The Sun Fire V440, with up to four 1.06GHz UltraSparc IIIi "Jalapeno" processors, has a starting price of $9,995 for a two-processor model with 4GB of memory, said Neil Knox, executive vice president of Sun's Volume System Products group. Filling all four processor slots and bumping to 8GB of memory pushes the price to $15,995.
The Santa Clara, Calif.-based company announced the products at itsconference here.
Sun also introduced a new version of an older product, the two-processor V250 that shares the same standalone tower design as the Enterprise 250 introduced in 1998. The price difference between the new and the old machine--$2,995 for the V250 model compared with $9,995 for its forebear--illustrates the pressure that increasingly capable Intel-based systems have put on the company.
"It shows we're focused very much on packaging more and more bang for the buck in the systems," Knox said. "We show the customer a selection of technology at a very aggressive price at or below Wintel," he said, referring to the servers using Microsoft Windows and Intel.
After years selling servers with only UltraSparc processors, Sun has bowed to market realities and accepted into its product line "x86" servers--those using processors from Intel and Advanced Micro Devices. The most popular operating system on Sun's x86 servers is Linux, a cousin to the Solaris version of Unix that Sun prefers to sell, Knox said.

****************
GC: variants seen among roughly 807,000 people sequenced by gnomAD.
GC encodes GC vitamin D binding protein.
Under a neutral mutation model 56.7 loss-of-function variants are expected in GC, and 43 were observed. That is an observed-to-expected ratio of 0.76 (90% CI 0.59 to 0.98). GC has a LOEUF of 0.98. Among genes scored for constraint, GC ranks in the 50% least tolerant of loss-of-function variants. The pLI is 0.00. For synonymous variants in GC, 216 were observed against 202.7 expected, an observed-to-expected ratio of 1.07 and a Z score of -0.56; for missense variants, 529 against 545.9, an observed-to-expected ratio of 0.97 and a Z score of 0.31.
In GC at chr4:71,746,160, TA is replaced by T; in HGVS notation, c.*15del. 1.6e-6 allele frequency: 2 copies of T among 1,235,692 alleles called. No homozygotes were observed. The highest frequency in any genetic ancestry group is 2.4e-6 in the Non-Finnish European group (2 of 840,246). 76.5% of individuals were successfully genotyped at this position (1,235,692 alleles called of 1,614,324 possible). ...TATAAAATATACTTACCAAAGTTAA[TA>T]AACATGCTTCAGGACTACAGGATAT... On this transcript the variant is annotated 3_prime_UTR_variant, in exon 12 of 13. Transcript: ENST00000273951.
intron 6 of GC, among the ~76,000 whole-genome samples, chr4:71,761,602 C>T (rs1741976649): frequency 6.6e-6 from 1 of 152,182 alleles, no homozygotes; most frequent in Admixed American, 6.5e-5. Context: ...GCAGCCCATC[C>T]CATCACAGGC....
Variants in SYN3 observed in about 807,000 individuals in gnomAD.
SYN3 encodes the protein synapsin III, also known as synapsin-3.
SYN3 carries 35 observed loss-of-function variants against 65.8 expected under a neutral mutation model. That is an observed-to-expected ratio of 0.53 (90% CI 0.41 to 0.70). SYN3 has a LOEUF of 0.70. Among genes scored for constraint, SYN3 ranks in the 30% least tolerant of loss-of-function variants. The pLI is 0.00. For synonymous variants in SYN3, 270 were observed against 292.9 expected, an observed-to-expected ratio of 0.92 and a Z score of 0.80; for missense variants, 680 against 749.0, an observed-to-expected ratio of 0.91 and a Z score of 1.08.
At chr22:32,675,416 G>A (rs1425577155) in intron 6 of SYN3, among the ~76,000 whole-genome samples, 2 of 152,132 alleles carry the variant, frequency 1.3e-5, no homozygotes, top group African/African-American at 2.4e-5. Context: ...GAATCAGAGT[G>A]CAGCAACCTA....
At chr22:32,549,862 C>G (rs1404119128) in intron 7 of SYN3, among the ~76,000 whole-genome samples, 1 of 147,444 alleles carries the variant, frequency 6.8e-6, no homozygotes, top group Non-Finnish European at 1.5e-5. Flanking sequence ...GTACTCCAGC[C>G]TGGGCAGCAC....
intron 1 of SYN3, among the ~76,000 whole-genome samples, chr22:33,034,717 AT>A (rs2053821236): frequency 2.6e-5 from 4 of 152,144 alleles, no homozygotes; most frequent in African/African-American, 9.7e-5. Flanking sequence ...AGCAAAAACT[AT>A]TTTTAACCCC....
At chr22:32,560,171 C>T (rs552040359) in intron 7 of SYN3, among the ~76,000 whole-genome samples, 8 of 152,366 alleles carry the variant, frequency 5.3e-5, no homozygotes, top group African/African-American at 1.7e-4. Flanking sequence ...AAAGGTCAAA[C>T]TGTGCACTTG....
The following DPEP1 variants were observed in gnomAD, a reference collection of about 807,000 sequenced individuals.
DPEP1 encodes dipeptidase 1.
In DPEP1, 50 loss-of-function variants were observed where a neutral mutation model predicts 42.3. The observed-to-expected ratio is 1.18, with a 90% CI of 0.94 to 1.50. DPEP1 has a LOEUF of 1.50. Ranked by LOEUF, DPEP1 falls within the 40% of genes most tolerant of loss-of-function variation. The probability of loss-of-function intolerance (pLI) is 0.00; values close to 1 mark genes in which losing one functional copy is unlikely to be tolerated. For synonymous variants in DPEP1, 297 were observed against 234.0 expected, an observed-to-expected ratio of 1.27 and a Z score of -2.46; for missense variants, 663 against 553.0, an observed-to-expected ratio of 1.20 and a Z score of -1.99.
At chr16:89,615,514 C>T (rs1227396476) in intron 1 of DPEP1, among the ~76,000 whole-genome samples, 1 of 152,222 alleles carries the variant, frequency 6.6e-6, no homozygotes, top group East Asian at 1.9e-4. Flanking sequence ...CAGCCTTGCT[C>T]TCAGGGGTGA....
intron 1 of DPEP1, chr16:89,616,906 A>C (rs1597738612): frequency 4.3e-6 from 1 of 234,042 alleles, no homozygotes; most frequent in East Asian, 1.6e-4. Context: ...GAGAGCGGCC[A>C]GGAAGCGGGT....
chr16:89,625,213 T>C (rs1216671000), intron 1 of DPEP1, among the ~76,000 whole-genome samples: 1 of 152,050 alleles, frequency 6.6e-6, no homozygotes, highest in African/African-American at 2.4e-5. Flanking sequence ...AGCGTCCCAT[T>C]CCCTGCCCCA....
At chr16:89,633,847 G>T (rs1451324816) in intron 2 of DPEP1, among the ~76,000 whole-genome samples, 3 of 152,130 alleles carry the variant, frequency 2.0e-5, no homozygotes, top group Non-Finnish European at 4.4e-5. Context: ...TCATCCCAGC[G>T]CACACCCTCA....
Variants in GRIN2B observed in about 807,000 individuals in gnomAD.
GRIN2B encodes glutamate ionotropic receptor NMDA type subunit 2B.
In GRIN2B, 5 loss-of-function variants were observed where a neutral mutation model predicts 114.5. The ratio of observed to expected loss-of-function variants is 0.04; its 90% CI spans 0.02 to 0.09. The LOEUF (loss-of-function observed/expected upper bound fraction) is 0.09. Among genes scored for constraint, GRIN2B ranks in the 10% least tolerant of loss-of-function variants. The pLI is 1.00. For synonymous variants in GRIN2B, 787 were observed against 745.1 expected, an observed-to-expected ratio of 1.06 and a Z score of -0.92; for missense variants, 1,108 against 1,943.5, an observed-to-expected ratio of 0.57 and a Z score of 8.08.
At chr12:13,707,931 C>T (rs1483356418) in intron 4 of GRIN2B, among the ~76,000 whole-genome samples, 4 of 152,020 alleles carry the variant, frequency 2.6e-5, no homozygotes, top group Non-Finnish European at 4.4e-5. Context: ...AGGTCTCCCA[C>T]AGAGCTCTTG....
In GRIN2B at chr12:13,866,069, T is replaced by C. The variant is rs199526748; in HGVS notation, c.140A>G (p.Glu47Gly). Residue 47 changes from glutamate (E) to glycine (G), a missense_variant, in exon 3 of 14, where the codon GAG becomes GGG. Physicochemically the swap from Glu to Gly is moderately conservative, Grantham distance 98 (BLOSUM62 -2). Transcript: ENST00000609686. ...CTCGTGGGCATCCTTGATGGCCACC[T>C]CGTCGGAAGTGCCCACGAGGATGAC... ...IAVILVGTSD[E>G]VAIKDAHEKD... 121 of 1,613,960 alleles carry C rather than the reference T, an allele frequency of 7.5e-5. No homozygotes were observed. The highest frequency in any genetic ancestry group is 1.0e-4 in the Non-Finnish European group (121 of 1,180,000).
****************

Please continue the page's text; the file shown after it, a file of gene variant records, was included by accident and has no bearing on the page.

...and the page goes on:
Although Sun is evaluating selling four-processor Intel servers, thus far it's selling only dual-processor machines. AMD processors will arrive later this year when Sun begins selling thin x86 "blade" servers; the company already sells UltraSparc blades.
Sun argues it hasn't lost its focus. Rather, it's expanded its focus beyond just hardware to a complete package of hardware and software. That software, code-named Orion and now called the, will ultimately run on all Sun's servers, regardless of chip or operating system.
Sun also brought a faster 1.2GHz UltraSparc III to the V880, an eight-processor model that has sold well but heretofore came with only 900MHz chips. And the company released a new workstation, the single-processor Sun Blade 1500, with a starting price of $2,995. The 1500 is based on the"Enchilada" server Sun announced in April but had to because of a component problem.
Sun had much of the server market to itself in the late 1990s but has struggled withsince then.